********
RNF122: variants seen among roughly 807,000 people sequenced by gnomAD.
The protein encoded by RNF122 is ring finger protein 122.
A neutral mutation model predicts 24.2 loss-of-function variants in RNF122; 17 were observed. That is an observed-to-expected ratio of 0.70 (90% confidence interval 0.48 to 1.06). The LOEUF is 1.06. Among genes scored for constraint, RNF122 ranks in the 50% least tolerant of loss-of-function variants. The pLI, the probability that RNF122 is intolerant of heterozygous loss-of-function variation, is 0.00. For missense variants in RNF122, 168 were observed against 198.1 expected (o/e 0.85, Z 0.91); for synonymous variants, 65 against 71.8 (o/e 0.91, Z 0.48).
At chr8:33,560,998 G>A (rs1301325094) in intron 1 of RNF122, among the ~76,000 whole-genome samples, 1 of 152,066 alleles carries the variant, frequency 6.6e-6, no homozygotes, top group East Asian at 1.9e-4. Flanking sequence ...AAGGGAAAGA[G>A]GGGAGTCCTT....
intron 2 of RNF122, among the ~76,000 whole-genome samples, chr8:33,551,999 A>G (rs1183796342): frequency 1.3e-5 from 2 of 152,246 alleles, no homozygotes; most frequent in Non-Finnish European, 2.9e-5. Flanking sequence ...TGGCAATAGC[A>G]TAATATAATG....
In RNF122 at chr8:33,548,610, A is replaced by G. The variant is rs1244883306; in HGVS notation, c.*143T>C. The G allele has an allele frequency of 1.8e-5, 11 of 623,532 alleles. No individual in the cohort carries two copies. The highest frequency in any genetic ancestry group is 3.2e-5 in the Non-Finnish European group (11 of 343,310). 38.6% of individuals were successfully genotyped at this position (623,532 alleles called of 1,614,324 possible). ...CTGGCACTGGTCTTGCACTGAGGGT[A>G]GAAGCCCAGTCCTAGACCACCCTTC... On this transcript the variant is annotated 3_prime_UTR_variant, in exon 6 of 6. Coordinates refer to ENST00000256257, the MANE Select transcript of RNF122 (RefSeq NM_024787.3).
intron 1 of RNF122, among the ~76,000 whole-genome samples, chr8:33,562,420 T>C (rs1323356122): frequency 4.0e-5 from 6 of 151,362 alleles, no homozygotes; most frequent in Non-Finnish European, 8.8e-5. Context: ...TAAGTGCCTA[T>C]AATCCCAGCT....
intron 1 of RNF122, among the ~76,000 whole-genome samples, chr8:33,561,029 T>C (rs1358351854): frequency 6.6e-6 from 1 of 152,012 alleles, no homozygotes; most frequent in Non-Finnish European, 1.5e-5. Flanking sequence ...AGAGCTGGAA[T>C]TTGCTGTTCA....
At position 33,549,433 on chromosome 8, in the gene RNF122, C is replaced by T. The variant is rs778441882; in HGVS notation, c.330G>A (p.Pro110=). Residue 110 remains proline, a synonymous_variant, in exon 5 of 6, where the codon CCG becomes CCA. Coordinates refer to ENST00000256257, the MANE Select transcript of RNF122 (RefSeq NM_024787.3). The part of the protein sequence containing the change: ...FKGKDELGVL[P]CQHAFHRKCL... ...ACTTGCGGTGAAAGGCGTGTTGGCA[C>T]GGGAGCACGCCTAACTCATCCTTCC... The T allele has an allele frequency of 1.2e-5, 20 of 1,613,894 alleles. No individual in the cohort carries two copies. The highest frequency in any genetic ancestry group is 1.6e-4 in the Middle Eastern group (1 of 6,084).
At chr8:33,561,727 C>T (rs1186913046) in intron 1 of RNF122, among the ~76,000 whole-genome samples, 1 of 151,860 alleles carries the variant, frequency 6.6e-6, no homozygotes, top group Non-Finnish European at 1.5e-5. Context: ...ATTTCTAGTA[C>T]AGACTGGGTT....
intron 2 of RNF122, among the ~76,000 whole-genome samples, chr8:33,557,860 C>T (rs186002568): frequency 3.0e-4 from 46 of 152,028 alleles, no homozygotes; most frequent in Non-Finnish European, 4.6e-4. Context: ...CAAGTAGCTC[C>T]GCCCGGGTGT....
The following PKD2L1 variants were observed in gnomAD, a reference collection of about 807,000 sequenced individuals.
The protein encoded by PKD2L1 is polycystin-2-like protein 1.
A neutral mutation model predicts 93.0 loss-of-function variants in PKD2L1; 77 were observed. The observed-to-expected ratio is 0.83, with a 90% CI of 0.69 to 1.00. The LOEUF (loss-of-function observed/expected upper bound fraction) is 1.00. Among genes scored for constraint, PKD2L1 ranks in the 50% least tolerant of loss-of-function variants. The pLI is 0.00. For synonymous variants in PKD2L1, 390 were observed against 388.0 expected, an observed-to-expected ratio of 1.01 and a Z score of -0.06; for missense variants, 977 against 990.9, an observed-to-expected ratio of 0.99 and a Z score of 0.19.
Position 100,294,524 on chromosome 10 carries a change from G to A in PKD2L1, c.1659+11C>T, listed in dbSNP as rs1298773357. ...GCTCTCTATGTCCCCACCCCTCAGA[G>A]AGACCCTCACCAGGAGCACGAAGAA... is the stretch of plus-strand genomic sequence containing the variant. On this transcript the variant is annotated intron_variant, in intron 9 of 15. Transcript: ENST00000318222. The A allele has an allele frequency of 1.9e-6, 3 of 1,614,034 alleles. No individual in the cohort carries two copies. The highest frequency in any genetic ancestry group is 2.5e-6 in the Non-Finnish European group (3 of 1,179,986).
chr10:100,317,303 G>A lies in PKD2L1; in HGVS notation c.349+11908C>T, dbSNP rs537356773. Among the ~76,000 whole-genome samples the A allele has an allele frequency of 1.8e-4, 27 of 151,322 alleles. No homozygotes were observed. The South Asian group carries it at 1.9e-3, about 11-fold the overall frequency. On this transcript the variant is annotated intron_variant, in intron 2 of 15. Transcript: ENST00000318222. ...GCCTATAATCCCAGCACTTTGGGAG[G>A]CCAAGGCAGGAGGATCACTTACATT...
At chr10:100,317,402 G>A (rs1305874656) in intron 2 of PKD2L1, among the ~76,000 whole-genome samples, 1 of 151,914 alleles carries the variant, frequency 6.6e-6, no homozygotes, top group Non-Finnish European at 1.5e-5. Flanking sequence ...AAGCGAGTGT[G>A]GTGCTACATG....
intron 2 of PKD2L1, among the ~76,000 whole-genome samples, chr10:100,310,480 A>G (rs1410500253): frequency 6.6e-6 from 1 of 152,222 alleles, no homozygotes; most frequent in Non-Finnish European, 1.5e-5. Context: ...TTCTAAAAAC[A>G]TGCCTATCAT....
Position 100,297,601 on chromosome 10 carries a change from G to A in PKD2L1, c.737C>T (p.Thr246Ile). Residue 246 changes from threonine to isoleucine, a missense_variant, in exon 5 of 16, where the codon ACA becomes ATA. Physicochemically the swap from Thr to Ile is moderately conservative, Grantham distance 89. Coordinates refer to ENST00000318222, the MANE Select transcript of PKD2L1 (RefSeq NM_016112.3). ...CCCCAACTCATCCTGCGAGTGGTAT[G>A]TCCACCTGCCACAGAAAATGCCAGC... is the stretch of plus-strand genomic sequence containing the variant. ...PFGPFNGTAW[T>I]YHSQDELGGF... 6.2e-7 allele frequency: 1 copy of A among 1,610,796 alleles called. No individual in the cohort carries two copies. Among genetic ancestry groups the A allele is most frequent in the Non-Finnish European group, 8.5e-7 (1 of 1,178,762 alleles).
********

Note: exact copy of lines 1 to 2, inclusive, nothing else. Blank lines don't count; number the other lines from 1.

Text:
RNF122: variants seen among roughly 807,000 people sequenced by gnomAD.
The protein encoded by RNF122 is ring finger protein 122.